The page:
This project has moved and is read-only. For the latest updates, please go here.

CMO vs XNB vs FBX File Sizes

Jan 4, 2014 at 7:19 PM
I am an indie developer building a game that leverages the DirectX Tool Kit. I am grateful for this API and it is incredibly valuable in the absence of XNA. This forum post is about the CMO format used in the Visual Studio pipeline. I definitely understand that I have the ability to write my own format -- and as an indie developer you can probably understand why I am reticent to do so. I am hoping to understand the value the CMO format provides over XNB or .X.

One thing I noticed is that thereis a significant difference in output file size between XNA XNB files and VS Pipeline CMO files. Here is a sample comparison:

FBX 92 Kb
XNB 517 Kb
CMO 1133 Kb!

So the CMO file is ten times larger than a FBX file, and interestingly, twice as big as an XNB file. Since shaders are compiled out into separate files, I am wondering why there is such a dramatic difference in file size. Is it that XNB files are compressed and CMO files are not?

The .X file format did a great job of storing minimal formatting -- it was largely raw vertices, indices, and texturing coordinates -- I wonder how things have progressed with the CMO format.

I think this question dovetails into an earlier post I made (https://directxtk.codeplex.com/discussions/479123) about the desire for some developers (at least myself) to understand the trade-offs between what existed in XNA and what is being offered through the DirectX Tool Kit today. Clearly, the DirectX Tool Kit is an independent offering developers who are passionate, and so I am grateful for the API. In terms of building the best solution available, I feel I have a lot to learn to better understand the post-XNA landscape for indie developers.

Thanks,
Shaun
Jan 5, 2014 at 8:19 AM
Edited Jan 5, 2014 at 8:24 AM
In most cases, 'real-world' .FBX files are rather larger than 92 Kb, so this is probably not an entirely fair comparison case to be judging runtime formats.

That said, .CMO is designed to be simple... not to be particularly compact. Vertex data is written as a fixed 52-bytes per vertex plus an optional 32-bytes per vertex if skinning. Most other runtime formats use a variable vertex declaration which can be more compact if you are not making use of the all the data. The .CMO animation data is also written as full 4x4 matrices which is not as compact as say a multi-track system of independent translations, rotation quaternions, and scales. In any case, this is probably feedback that should be directed to Visual Studio if you feel that .CMO files are too bloated. I would note that they compress with dictionary compression very well, so the overall size of .AppX packages won't be particularly larger using .CMO over some other format--in other words, they may take up more space once installed but download size isn't really going to be a major problem using .CMO.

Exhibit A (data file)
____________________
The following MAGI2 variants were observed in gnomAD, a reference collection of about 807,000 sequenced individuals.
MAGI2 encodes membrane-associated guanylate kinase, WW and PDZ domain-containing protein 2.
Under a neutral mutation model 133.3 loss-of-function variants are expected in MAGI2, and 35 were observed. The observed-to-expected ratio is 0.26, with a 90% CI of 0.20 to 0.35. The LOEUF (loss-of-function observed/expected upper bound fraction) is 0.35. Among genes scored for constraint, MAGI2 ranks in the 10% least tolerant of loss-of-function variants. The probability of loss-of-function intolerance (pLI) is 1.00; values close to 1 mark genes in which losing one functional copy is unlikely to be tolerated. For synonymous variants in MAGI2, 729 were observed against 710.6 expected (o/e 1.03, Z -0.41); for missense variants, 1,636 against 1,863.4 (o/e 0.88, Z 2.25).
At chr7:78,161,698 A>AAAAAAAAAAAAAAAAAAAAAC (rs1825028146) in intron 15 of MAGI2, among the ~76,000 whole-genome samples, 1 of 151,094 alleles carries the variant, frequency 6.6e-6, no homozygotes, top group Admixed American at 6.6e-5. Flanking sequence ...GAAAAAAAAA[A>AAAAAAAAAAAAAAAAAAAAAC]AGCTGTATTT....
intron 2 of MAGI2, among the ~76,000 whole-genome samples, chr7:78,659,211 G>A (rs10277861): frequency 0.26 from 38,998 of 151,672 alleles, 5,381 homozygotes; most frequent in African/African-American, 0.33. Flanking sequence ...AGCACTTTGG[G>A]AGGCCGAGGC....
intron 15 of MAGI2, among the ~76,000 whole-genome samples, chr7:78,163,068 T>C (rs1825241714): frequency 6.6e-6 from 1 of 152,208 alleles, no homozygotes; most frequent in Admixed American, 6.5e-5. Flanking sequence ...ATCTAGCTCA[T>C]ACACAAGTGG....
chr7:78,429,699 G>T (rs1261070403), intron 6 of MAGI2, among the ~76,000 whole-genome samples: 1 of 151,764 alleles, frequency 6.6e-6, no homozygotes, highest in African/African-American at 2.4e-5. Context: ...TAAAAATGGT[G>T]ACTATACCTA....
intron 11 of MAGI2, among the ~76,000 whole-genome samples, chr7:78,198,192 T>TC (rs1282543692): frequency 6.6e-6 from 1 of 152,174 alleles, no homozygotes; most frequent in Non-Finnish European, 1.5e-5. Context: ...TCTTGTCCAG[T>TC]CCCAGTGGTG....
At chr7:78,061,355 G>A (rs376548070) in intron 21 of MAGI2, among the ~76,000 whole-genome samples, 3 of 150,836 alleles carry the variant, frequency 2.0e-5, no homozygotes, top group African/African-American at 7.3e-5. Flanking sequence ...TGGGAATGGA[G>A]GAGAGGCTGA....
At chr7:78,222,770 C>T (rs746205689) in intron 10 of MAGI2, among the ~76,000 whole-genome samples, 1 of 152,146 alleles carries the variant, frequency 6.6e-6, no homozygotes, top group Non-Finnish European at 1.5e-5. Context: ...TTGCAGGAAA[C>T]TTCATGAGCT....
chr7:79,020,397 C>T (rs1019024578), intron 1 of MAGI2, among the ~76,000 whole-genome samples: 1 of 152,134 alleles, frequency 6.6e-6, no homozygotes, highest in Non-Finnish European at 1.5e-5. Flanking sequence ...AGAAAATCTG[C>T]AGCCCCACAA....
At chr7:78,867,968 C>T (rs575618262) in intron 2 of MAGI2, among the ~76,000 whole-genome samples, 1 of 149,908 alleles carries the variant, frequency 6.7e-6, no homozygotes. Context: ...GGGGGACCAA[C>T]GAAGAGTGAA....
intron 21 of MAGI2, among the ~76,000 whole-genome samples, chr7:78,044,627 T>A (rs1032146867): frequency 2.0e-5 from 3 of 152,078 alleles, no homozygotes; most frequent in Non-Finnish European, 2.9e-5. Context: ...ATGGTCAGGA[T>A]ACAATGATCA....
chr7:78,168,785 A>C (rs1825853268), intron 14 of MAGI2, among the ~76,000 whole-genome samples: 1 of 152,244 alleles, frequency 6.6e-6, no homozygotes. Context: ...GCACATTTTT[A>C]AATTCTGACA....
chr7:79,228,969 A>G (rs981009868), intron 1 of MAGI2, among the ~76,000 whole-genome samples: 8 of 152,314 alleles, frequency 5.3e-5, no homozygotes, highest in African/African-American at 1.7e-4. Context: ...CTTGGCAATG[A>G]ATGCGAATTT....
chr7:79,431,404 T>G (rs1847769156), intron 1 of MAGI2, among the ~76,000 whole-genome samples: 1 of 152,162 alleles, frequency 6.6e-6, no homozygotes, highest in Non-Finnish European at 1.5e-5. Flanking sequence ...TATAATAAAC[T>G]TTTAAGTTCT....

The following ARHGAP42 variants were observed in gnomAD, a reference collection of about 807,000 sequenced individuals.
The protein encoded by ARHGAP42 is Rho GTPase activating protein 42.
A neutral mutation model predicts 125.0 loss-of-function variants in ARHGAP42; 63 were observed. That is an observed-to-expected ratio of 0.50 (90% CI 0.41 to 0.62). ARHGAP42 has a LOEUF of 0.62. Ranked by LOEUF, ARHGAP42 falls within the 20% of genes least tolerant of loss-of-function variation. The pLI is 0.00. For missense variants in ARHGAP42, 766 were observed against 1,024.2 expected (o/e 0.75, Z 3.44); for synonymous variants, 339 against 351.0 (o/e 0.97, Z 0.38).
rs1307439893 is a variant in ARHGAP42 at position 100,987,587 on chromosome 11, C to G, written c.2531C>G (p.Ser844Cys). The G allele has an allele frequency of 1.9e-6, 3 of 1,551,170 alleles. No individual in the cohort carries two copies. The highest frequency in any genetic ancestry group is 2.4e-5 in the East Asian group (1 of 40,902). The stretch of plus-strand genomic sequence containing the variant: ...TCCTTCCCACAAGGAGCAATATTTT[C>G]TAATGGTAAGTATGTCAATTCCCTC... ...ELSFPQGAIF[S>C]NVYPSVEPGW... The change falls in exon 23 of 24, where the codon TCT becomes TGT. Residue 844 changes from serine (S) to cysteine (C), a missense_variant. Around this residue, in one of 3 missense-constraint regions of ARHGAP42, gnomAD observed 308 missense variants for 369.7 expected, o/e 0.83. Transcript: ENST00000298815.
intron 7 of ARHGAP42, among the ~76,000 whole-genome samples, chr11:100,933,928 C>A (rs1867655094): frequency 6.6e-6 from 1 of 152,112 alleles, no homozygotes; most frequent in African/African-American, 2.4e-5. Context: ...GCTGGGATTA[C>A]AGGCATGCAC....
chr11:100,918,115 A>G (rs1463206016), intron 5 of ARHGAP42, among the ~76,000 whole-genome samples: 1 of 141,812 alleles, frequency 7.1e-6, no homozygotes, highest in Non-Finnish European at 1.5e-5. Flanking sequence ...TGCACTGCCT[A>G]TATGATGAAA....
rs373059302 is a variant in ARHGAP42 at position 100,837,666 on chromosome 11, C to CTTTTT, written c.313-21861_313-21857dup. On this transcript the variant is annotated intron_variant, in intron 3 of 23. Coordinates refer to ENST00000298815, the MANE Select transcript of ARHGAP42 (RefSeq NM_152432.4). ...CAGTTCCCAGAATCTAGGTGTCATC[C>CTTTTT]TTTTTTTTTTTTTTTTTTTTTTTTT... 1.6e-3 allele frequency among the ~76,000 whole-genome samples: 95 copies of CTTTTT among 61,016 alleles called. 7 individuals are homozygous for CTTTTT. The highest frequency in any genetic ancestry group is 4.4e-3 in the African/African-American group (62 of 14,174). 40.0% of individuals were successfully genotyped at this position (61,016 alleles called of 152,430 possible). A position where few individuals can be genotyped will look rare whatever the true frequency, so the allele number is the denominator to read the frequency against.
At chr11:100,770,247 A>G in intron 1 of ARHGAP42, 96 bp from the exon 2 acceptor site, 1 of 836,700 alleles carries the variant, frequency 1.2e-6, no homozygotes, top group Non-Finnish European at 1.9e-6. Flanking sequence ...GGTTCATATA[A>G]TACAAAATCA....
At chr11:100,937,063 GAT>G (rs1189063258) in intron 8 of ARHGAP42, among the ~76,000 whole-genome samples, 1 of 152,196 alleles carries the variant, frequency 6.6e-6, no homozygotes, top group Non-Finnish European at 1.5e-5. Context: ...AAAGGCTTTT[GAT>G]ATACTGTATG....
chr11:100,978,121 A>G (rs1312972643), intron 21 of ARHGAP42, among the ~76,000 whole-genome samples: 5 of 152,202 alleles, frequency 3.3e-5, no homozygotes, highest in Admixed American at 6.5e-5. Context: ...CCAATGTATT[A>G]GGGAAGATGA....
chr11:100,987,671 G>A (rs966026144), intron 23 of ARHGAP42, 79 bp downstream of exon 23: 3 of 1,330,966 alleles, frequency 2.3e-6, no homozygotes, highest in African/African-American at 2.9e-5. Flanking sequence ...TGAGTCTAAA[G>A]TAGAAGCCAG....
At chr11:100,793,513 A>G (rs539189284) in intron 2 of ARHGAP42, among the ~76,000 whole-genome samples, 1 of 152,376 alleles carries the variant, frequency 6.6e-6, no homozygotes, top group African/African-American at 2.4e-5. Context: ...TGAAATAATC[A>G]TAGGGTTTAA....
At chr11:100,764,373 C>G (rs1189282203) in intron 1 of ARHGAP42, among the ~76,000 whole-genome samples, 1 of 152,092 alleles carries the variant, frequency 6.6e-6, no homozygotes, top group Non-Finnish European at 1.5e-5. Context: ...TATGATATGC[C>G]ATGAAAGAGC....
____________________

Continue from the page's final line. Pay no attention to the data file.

PS: Perhaps you can try the same .FBX with the Sample Content Exporter and see how large it ends up as an .SDKMESH?

Unless your game is particularly animation or geometry heavy, the size of the .CMO is unlikely to contribute significantly to your final game size. Textures and audio tend to dominate over geometry data.
Marked as answer by walbourn on 1/5/2014 at 12:20 AM
Jan 5, 2014 at 6:04 PM
Hi Chuck. Thank you again for the detailed reply. I went back and took a look at my source FBX files and sampled different sizes, including source FBX files that are 2MB in size. My FBX source meshes are not animated. What I observe is the following ratio of file size: FBX is N. XNB is N * 5. CMO is N * 10. Compression changes the ratio as follows (FBX remains uncompressed): FBX is N, XNB Compressed is 0.5N, and CMO Compressed is 5N. I'll definitely try out SDKMesh and compare it to CMO.

I read through the XNB file spec today and I see what you mean by variable declarations. There are leading bits to signify the width of the data (i.e. vector2, vector3, etc). Both CMO and XNB formats are uncompressed binary, and so your explanation makes sense. I'll submit a ticket to Visual Studio Connect -- I think this size difference can be meaningful for projects with large numbers of models.
Nov 5, 2015 at 5:44 AM
Edited Nov 5, 2015 at 5:45 AM
Hi Chuck. Thank you again for the detailed reply. I went back and took a look at my source FBX files and sampled different sizes, including source FBX files that are 2MB in size. My FBX source meshes are not animated. What I observe is the following ratio of file size: FBX is N. XNB is N * 5. CMO is N * 10. Compression changes the ratio as follows (FBX remains uncompressed): FBX is N, XNB Compressed is 0.5N, and CMO Compressed is 5N. I'll definitely try out SDKMesh and compare it to CMO.
Hi Chuck! I hope you are doing well. I thought I would reach out and reiterate how subpar the CMO format is compared to XNB. One could argue that the value of DirectXTK is only as good as the data formats it supports. I appreciate DirectXTK immensely -- I hope someday support for a more compact file format is achieved.

Thanks,
Shaun
Nov 6, 2015 at 2:30 AM
Have you taken a look at SDKMESH?